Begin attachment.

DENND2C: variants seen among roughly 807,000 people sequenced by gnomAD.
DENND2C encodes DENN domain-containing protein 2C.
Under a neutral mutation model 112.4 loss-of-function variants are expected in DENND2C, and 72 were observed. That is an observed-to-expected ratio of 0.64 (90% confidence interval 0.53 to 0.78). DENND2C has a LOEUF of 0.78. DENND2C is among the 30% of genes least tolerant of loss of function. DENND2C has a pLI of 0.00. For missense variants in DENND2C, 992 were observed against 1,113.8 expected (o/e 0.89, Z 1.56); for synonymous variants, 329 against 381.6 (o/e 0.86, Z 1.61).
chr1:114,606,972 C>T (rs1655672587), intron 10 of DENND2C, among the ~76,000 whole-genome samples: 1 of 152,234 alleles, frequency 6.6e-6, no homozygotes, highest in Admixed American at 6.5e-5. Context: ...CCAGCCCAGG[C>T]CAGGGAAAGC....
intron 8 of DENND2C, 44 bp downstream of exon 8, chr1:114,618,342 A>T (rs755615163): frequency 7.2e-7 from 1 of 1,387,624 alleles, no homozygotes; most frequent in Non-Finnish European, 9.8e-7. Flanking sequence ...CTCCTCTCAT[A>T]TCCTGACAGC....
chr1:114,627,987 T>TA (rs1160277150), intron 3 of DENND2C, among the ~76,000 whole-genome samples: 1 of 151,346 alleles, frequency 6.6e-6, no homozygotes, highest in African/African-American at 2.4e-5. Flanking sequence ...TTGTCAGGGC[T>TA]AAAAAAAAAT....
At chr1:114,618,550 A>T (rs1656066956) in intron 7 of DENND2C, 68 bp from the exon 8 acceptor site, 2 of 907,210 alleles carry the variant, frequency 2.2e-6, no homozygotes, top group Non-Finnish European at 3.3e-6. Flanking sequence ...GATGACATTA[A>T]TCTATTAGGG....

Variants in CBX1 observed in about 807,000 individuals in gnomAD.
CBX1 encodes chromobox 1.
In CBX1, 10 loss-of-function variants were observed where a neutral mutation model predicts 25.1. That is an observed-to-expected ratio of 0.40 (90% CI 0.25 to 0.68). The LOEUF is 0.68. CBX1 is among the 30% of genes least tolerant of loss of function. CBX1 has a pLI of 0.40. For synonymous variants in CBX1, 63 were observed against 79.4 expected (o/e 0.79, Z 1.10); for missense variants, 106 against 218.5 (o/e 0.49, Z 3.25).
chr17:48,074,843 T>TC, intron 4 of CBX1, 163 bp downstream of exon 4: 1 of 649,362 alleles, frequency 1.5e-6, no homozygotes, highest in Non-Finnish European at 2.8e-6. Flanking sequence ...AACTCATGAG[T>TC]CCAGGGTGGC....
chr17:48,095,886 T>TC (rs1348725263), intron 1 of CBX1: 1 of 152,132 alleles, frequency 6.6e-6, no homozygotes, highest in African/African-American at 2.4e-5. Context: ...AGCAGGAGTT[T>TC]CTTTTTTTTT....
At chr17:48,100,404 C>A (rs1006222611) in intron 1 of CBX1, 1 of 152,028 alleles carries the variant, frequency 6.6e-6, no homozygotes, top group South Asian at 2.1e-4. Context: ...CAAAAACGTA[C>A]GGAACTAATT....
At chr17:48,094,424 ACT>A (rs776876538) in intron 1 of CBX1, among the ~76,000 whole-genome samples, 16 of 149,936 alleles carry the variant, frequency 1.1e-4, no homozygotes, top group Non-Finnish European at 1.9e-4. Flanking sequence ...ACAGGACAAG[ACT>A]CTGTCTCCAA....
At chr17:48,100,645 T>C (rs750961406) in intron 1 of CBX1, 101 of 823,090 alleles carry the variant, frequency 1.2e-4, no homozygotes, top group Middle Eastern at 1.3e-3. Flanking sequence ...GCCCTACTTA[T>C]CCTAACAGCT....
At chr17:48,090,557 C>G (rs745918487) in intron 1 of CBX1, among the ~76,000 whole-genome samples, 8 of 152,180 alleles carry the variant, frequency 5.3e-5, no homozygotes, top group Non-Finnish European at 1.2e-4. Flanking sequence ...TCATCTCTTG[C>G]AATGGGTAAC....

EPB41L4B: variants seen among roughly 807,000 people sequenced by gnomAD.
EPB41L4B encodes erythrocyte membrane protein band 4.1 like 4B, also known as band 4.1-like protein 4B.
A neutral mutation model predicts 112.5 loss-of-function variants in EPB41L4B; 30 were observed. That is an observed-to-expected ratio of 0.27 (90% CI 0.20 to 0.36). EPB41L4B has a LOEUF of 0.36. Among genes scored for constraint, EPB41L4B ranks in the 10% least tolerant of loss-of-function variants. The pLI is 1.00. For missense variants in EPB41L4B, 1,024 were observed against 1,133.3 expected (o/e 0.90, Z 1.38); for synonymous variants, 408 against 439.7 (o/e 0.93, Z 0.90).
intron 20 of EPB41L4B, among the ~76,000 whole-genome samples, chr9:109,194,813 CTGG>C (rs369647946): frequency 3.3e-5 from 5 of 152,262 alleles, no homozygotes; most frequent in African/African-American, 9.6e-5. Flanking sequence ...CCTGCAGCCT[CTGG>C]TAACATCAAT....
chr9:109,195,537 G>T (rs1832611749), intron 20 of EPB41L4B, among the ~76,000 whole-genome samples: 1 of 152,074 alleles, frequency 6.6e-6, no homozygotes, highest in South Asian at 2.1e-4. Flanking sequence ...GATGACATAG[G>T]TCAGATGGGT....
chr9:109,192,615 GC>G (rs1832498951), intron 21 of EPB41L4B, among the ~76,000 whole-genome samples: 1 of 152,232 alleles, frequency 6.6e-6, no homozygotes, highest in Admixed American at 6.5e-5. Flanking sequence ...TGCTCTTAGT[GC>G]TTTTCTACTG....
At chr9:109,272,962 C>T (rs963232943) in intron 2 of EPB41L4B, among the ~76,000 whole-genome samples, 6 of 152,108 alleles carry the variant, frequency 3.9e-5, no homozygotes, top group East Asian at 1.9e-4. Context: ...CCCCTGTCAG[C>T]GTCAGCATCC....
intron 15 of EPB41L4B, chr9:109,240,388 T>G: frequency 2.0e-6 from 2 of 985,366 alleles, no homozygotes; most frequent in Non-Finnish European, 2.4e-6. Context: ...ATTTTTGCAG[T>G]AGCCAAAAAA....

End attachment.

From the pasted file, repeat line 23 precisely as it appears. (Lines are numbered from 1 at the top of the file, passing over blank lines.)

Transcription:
At chr9:109,272,962 C>T (rs963232943) in intron 2 of EPB41L4B, among the ~76,000 whole-genome samples, 6 of 152,108 alleles carry the variant, frequency 3.9e-5, no homozygotes, top group East Asian at 1.9e-4. Context: ...CCCCTGTCAG[C>T]GTCAGCATCC....